Death of the Campaign Book
Jeb Bush’s immigration book has had a rocky start. But books by future candidates are useless anyway. Let them die.
Neither of these is good for a politician. This isn't really Bush's fault. How could he know that influential voices in the Republican Party would shift their principles on illegal immigrants so much in the short time between when Bush submitted his manuscript and when it went to press?
Bush's book assumes the conservative principles involved in immigration are more solid. It attempts to build a bridge between principle and the political moment. This is what the Republican Party needs right now: a man who advocates for time-honored truths in a new context and adapts them to changing times. But if that's your pitch—I can find the new ground—then you have to actually hit the new ground. The confusion about where Bush actually stands muddles this pitch.
Normally the writing process forces the writer to grapple with ideas. If done honestly, it makes the author feel naked and exposed until he builds himself back up again to a coherent worldview. If this were what candidates actually did, a book could be weaponry. They could brandish its ideas, hard-won from the process. That is not what campaign books are. Instead, they engage the author in a trimming exercise, an extended cogitation on how to package their ideas for public consumption. That's what campaigns are for! Books should not be campaign propaganda, or they risk become another casualty of “progress.”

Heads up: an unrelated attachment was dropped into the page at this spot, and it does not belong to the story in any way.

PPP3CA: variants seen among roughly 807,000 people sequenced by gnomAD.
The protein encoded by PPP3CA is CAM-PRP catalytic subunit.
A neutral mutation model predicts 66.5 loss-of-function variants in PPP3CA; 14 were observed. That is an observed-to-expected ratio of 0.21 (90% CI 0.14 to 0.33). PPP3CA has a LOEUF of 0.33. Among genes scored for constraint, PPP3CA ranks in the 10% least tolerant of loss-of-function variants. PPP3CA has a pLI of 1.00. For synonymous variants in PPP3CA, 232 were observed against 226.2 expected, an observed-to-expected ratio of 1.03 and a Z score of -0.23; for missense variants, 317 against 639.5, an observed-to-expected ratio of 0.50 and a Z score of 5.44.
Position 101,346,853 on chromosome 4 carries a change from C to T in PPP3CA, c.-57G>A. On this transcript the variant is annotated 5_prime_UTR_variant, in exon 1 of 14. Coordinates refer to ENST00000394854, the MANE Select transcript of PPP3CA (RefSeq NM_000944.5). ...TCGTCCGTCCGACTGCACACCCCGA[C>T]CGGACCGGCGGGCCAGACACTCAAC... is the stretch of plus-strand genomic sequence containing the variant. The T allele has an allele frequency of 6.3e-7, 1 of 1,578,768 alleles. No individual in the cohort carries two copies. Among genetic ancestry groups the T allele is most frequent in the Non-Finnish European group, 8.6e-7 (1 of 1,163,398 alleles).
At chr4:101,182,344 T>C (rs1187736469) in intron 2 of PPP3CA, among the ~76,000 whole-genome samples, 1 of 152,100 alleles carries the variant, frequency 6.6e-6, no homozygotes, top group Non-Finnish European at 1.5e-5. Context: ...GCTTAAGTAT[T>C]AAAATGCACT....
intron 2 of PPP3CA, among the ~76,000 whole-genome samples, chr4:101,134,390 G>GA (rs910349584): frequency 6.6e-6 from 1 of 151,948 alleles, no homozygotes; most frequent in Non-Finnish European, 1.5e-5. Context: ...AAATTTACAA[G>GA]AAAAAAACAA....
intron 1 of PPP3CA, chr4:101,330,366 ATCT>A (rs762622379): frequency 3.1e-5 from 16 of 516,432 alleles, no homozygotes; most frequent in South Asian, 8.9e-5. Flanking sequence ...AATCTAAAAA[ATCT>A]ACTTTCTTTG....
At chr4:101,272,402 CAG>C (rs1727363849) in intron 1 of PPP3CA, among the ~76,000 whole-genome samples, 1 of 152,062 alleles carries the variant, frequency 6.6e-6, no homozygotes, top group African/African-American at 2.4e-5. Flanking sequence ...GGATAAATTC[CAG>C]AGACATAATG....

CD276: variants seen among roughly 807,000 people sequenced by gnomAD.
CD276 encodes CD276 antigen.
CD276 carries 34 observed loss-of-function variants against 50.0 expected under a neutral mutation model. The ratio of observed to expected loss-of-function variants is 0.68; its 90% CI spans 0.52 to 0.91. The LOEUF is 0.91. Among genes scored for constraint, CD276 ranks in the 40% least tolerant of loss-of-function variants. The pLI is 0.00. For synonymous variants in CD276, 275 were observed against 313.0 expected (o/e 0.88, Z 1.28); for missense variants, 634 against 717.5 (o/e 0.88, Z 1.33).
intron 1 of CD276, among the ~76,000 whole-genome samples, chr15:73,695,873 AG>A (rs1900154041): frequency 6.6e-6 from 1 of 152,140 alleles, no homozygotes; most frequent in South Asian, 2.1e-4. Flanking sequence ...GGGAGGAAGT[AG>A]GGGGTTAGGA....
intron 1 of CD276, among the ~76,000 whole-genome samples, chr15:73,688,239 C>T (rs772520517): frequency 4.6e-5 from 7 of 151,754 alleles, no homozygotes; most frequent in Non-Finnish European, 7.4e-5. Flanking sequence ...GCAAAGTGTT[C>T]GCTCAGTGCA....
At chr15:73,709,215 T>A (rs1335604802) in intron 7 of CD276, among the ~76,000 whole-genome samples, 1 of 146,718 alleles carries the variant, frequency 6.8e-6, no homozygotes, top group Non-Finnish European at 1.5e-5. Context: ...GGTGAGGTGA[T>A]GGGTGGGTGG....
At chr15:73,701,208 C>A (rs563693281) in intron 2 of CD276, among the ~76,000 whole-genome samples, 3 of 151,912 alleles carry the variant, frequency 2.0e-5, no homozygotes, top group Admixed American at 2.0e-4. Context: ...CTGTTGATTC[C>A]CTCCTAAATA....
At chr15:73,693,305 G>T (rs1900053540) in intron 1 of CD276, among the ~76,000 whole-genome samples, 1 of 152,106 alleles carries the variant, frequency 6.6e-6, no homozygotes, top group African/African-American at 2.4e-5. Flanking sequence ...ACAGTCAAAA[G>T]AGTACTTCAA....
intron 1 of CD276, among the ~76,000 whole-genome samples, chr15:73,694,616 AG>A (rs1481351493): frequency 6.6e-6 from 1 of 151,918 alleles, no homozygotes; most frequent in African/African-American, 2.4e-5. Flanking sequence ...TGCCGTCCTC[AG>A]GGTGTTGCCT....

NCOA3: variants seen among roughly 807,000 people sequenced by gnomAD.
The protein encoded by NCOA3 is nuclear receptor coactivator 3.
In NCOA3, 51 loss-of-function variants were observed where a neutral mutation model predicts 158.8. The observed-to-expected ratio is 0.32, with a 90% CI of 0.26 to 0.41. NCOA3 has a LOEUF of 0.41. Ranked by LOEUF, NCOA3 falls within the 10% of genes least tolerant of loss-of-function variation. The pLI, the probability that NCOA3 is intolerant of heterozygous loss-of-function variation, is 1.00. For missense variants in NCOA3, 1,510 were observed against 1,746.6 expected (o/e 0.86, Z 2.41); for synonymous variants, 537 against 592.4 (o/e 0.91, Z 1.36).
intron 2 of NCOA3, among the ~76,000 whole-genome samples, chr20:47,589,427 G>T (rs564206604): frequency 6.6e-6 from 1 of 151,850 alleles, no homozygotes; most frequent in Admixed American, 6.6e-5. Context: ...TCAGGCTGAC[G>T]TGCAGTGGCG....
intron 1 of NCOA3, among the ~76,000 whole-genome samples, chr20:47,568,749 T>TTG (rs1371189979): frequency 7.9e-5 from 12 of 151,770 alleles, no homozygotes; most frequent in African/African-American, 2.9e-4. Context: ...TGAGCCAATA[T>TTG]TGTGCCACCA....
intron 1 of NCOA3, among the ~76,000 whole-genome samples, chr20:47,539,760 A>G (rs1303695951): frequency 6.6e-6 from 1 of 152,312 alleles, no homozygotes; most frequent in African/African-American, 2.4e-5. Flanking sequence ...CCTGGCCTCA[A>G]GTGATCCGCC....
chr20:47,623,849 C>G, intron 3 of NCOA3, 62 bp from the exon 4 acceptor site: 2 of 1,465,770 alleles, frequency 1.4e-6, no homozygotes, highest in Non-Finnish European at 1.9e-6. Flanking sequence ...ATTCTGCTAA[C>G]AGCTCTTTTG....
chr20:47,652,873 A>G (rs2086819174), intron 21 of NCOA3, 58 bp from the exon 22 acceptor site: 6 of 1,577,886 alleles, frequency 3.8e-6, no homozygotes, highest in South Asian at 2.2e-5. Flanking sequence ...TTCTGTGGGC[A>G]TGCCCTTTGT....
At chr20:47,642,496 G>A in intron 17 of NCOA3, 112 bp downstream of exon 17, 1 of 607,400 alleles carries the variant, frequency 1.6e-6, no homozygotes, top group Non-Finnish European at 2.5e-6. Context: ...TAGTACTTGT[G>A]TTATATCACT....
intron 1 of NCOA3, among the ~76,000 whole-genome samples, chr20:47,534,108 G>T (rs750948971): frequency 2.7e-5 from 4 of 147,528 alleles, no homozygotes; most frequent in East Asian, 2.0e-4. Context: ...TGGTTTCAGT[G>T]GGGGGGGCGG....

The closer to a campaign a book gets, the worse it gets. That was true of Barack Obama's books. His first one, Dreams From My Father, was carefully crafted to present a specific image, but it was far more candid and authentic than the gently-gently-all-things-to-most-people Audacity of Hope produced ahead of the 2008 race.
If you find yourself in the boiler basement where any respectable second-hand bookshop stores its collection of candidate campaign books, there are a few that will help you pass the time less desperately. Goldwater's Conscience of a Conservative and John McCain's Faith of My Fathers contain ideas that don't slip out of your hand the minute you try to take hold of them. You could argue that they were written long enough before their campaigns to keep the campaign taint at bay. This loose definition of campaign book would allow you to include John Kennedy's 1957 Profiles in Courage. Yes, says the conservative, but Kennedy didn't write that. Fine, says the liberal, Goldwater didn't write Conscience of a Conservative either. Which book is more authentic? Does it matter?
If Bush simply wanted to influence the debate over immigration, he didn’t really need a book. The press hangs on his every word. Lots of conservatives like him. He’s got a huge platform. As a former governor who accomplished things in office, he has standing. He’s had to do more than just kibbitz. But candidates need to create physical books (no e-books, please) because they allow for book signings and book parties where potential voters can gather in primary states or potentially crucial swing states. Republican clubs can hold events. We all have something to give Dad for Father’s Day. They are a useful tool, but that’s not the same thing as a good book.